Practical Electronics/Astable/Diminishing Frequency

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This circuit is useful for applications where a signal has to pulse fast, and slow down to a stop, such as electronic dice, games timers, etc. It gives an output like the one below:

350

The way the diminishing frequency is achieved is by using another capacitor to run the timing components. First, the switch SW1 is closed, so that capacitor C1 is charged through R1. When the switch is released, C1 begins to discharge through the timing circuit. As the exponentially decreasing voltage from this capacitor falls, it slows the rate of charging of the timing capacitor, which decreases the output frequency. Eventually, the voltage from the control capacitor falls below 2/3 supply voltage, and the astable stops. The circuit diagram is given below.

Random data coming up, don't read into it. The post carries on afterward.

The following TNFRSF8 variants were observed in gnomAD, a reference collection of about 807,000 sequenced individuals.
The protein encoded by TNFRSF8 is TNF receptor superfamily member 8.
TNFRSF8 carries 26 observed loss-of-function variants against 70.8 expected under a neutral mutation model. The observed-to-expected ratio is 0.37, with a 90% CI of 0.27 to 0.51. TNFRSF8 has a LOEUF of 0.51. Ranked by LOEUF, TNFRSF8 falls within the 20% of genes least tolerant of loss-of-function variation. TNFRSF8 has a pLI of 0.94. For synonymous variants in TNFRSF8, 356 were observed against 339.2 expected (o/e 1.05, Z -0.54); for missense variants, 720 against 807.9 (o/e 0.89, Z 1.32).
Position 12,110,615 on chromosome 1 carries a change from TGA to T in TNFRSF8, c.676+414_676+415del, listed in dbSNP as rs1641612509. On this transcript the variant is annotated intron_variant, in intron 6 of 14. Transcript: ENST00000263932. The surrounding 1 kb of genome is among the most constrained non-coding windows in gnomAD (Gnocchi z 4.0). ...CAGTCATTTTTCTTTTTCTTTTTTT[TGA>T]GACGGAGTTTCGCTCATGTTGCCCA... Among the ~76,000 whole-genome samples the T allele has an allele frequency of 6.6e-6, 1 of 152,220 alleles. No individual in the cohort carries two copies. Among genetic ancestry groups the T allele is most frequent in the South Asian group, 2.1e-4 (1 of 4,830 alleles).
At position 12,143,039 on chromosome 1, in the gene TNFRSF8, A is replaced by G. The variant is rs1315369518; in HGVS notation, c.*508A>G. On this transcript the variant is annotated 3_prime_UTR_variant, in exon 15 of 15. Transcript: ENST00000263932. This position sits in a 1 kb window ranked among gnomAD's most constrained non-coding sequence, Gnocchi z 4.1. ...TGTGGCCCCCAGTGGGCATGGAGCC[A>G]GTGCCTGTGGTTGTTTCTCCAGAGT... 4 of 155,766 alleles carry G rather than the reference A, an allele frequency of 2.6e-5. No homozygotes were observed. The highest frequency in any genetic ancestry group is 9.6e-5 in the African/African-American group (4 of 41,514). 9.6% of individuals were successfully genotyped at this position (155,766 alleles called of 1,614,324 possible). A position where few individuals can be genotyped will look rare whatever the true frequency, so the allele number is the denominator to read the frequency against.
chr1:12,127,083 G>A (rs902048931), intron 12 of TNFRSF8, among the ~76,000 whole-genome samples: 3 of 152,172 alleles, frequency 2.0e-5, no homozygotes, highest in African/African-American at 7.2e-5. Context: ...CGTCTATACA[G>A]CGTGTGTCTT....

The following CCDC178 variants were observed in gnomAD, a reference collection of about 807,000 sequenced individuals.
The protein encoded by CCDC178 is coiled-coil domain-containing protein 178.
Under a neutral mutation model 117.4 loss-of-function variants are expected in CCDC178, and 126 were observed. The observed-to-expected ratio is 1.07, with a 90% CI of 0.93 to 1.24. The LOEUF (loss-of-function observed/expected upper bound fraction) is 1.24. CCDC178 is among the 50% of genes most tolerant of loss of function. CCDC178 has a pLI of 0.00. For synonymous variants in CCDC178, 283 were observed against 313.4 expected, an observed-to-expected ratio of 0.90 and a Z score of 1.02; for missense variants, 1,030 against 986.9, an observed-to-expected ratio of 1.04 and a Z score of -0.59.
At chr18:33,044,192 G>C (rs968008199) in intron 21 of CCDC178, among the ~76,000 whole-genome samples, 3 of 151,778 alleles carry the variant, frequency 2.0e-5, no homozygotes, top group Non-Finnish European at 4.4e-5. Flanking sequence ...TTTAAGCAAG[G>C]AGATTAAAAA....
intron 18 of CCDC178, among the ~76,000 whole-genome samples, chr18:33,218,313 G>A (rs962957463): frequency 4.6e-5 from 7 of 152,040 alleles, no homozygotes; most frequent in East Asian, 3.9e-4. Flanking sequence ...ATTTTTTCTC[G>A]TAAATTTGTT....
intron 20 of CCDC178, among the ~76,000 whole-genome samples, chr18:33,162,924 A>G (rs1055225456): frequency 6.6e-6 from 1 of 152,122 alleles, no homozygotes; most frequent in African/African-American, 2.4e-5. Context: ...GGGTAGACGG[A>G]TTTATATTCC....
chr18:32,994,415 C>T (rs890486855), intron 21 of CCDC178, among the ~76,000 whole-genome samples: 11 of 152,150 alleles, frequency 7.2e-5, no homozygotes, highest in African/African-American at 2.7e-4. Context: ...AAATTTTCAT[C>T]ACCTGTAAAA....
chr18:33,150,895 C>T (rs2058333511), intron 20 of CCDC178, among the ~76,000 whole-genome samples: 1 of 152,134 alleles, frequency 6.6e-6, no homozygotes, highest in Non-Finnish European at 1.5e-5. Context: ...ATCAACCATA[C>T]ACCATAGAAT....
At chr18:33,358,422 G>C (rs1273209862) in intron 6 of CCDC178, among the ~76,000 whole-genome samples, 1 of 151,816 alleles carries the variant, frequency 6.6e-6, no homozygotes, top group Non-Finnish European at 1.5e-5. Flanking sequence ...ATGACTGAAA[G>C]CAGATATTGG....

555 Diminishing Frequency Astable.svg
Component Value
IC1 555 Timer
R1 100R
R2 470K
R3 470K
C1 47 μF
C2 10 nF
C3 100 nF

These values give a frequency of about 100 Hz, which runs down in about 30 seconds. Experiment with values to get the effect you want, bearing in mind the following guidelines:

The size of the control capacitor, C1, governs the time it takes to run down. Bear in mind that for a very large value of C1, R1 must be small enough to allow the control capacitor to charge in the time that SW1 is pressed down.

R2 and R3 must have high values, as if they are too small, the control capacitor, C1, will be discharged too quickly, and the astable will "run down" in a very short time. This also means that the addition of the 100R resistor for charging the capacitor safely does not significantly alter the timing of the circuit while the switch is pressed down.